Morsels and More: Online Educational Tools

Advanced PedsSean M. Fox, MD
Associate Professor
Division of Pediatric Emergency Medicine
Department of Emergency Medicine
Carolinas Medical Center, Charlotte, NC


Learning Objectives:

1. Identify useful online resources that will assist you in staying up to date with Pediatric EM topics.

2. Discuss useful strategies to deliver this useful content in an organized fashion and avoid informational-overload.

The informational highway is getting faster every day. Staying on top of the most current topics and controversies is becoming increasingly difficult. While textbooks are invaluable resources, their materials are dated.  Even current journal articles can be yesterday’s news.  Even when you have the must current journal, finding time to actually go through it is challenging.

While the task of staying abreast of the current medical knowledge has always been a challenge, today there are a number of tools that can assist physicians with this need to be life-long learners.

Google is great, but…

  •  Have a wonderful ability to find information across the expanse of the internet.
  •  Often they offer a good starting point for answering a question, but have their downsides.
    •  Too much information.
    •  Often not answering the real question.
    •  Quality is quite variable.
    •  Can be manipulated by those who understand Search Engine Optimization.


PubMed or Google Scholar

  •  Freely accessible around the world.
  •  Google Scholar has been shown to be more utilized than PubMed.
  •  Google Scholar provided greater access to free full-text publications (5% vs 14%).
  •  PubMed only indexes peer reviewed biomedical literature.
  •  Google Scholar indexes a much wider variety of resources.


Academic Subscription Services

  • There are a number of truly excellent subscription services that can assist in the task.
  • Many deliver high quality, peer-reviewed content.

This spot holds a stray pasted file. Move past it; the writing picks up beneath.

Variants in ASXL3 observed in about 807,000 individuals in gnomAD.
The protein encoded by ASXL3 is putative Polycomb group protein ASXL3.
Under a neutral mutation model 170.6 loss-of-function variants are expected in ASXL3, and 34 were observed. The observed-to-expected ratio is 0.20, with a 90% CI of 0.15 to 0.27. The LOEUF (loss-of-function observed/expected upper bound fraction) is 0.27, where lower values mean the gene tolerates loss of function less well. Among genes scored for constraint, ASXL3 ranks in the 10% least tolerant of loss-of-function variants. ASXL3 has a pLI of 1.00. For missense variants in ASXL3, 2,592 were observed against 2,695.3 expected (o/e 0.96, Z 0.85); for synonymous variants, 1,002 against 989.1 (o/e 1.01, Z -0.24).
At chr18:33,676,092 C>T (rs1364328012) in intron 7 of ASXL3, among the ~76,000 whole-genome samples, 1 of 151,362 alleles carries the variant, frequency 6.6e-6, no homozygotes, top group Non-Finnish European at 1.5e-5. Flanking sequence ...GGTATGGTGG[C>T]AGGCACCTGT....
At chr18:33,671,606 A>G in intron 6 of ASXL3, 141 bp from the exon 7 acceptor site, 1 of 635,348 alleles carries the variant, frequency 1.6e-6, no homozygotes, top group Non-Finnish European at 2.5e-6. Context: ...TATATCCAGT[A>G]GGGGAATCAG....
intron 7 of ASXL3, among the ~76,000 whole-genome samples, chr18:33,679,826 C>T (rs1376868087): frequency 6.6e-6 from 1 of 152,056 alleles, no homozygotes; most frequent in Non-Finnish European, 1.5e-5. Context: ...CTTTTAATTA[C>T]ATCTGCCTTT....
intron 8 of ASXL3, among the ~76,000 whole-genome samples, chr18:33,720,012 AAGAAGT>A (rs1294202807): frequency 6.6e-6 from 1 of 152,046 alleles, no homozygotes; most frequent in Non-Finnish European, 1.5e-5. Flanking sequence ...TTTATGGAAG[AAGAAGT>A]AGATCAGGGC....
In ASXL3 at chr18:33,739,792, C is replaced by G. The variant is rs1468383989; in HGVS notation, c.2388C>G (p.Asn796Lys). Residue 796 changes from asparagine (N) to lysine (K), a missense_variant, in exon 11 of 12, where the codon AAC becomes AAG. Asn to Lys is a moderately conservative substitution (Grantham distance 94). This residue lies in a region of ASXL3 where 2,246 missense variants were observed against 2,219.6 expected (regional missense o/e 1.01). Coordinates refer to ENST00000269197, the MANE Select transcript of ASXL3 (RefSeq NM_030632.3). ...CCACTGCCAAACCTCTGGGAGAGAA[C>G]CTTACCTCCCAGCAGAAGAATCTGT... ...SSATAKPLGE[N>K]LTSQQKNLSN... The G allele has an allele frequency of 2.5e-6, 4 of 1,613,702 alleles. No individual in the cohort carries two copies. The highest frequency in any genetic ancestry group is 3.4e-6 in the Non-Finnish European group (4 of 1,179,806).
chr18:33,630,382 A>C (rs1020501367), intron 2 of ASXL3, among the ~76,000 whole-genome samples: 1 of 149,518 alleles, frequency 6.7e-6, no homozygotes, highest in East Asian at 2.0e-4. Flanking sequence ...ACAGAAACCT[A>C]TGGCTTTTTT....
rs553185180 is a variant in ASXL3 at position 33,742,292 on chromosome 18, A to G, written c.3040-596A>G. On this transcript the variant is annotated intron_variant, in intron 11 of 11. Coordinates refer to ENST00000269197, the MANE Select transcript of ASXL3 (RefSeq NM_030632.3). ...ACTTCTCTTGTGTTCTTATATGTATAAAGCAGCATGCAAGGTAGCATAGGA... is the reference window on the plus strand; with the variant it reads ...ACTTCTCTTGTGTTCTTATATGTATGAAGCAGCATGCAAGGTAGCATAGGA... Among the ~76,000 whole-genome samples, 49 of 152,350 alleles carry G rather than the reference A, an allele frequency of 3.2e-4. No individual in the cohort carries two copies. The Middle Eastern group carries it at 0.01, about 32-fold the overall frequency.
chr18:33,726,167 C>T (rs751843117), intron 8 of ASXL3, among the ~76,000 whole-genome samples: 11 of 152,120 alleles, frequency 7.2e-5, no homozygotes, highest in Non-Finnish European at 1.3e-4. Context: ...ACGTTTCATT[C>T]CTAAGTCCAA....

• Some are supported by your individual institutions… which is nice!
  • Often rigid in the delivery of their respective content.
  • Their main downside is the cost.
  • Example:


Free Open Access Meducation – FOAM

  • Worldwide collaborative effort that utilizes a variety of media and resources.
    • Podcasts
    • Educational blogs (>230 blogs committed to FOAM)
    • Text documents
    • Videos and Photos
    • Google hangouts
    • Tweets and Social Media
    • Etc
  • It is versatile and can be personalized.
    • With some simple tools, you can tailor the educational experience to your needs.
    • As your needs evolve, you can adjust how you use and interact with the FOAM.
  • Diverse perspectives
    • Worldwide viewership leads to different vantage points.
    • Problems may be similar, but solutions can be varied.
  • It is Peer-Reviewed
    • A contentious topic, as the online realm is not subject to traditional “Peer-Review.”
    • Of course, journal “peer-review” has been subject to significant scrutiny as well.
    • Publication to the FOAM community is very much reviewed by our peers.
      • This process is what will assist us in navigating the infinite mass of information.
      • This process allows valuable items to rise to the top.
      • This process rapidly corrects errors (no waiting for the retraction in the next issue).
  • It is Free!
    • Just like the Hippocratic Oath stated that it should be:
    • Hippocratic Oath

“To hold him who taught me this art equally dear to me as my parents, to be a partner in life with him, and to fulfill his needs when required; to look upon his offspring as equals to my own siblings, and to teach them this art, if they shall wish to learn it, without fee or contract; and that by the set rules, lectures, and every other mode of instruction, I will impart a knowledge of the art to my own sons, and those of my teachers, and to students bound by this contract and having sworn this Oath to the law of medicine, but to no others. …”